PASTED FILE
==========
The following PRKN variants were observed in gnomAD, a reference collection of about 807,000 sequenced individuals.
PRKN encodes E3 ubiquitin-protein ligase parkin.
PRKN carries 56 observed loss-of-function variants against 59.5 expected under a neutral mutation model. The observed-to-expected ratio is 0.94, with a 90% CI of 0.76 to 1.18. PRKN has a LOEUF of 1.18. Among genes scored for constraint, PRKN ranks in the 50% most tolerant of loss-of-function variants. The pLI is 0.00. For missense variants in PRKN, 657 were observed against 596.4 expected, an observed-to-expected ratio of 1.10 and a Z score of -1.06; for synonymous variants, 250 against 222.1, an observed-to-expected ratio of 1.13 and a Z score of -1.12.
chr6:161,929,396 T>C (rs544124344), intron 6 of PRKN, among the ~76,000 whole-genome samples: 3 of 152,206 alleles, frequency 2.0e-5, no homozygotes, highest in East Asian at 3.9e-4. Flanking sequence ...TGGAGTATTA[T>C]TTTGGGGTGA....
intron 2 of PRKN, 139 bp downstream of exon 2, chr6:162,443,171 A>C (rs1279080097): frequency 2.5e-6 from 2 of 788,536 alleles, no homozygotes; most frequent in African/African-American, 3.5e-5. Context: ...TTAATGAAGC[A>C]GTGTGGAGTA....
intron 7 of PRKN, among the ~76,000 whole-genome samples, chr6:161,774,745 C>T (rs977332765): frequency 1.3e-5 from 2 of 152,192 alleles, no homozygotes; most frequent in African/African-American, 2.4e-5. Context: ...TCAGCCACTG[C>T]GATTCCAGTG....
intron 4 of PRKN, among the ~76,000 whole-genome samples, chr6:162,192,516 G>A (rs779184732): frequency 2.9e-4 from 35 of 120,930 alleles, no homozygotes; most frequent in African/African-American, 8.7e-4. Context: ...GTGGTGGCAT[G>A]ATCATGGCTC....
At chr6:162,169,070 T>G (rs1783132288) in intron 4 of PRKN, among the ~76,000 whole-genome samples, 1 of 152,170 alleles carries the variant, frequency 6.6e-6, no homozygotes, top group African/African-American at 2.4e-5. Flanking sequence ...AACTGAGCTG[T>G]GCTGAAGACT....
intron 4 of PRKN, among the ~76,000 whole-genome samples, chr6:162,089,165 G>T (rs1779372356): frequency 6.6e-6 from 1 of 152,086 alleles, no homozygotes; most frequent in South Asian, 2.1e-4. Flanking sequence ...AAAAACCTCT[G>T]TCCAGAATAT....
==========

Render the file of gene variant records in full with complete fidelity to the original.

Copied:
The following PRKN variants were observed in gnomAD, a reference collection of about 807,000 sequenced individuals.
PRKN encodes E3 ubiquitin-protein ligase parkin.
PRKN carries 56 observed loss-of-function variants against 59.5 expected under a neutral mutation model. The observed-to-expected ratio is 0.94, with a 90% CI of 0.76 to 1.18. PRKN has a LOEUF of 1.18. Among genes scored for constraint, PRKN ranks in the 50% most tolerant of loss-of-function variants. The pLI is 0.00. For missense variants in PRKN, 657 were observed against 596.4 expected, an observed-to-expected ratio of 1.10 and a Z score of -1.06; for synonymous variants, 250 against 222.1, an observed-to-expected ratio of 1.13 and a Z score of -1.12.
chr6:161,929,396 T>C (rs544124344), intron 6 of PRKN, among the ~76,000 whole-genome samples: 3 of 152,206 alleles, frequency 2.0e-5, no homozygotes, highest in East Asian at 3.9e-4. Flanking sequence ...TGGAGTATTA[T>C]TTTGGGGTGA....
intron 2 of PRKN, 139 bp downstream of exon 2, chr6:162,443,171 A>C (rs1279080097): frequency 2.5e-6 from 2 of 788,536 alleles, no homozygotes; most frequent in African/African-American, 3.5e-5. Context: ...TTAATGAAGC[A>C]GTGTGGAGTA....
intron 7 of PRKN, among the ~76,000 whole-genome samples, chr6:161,774,745 C>T (rs977332765): frequency 1.3e-5 from 2 of 152,192 alleles, no homozygotes; most frequent in African/African-American, 2.4e-5. Context: ...TCAGCCACTG[C>T]GATTCCAGTG....
intron 4 of PRKN, among the ~76,000 whole-genome samples, chr6:162,192,516 G>A (rs779184732): frequency 2.9e-4 from 35 of 120,930 alleles, no homozygotes; most frequent in African/African-American, 8.7e-4. Context: ...GTGGTGGCAT[G>A]ATCATGGCTC....
At chr6:162,169,070 T>G (rs1783132288) in intron 4 of PRKN, among the ~76,000 whole-genome samples, 1 of 152,170 alleles carries the variant, frequency 6.6e-6, no homozygotes, top group African/African-American at 2.4e-5. Flanking sequence ...AACTGAGCTG[T>G]GCTGAAGACT....
intron 4 of PRKN, among the ~76,000 whole-genome samples, chr6:162,089,165 G>T (rs1779372356): frequency 6.6e-6 from 1 of 152,086 alleles, no homozygotes; most frequent in South Asian, 2.1e-4. Flanking sequence ...AAAAACCTCT[G>T]TCCAGAATAT....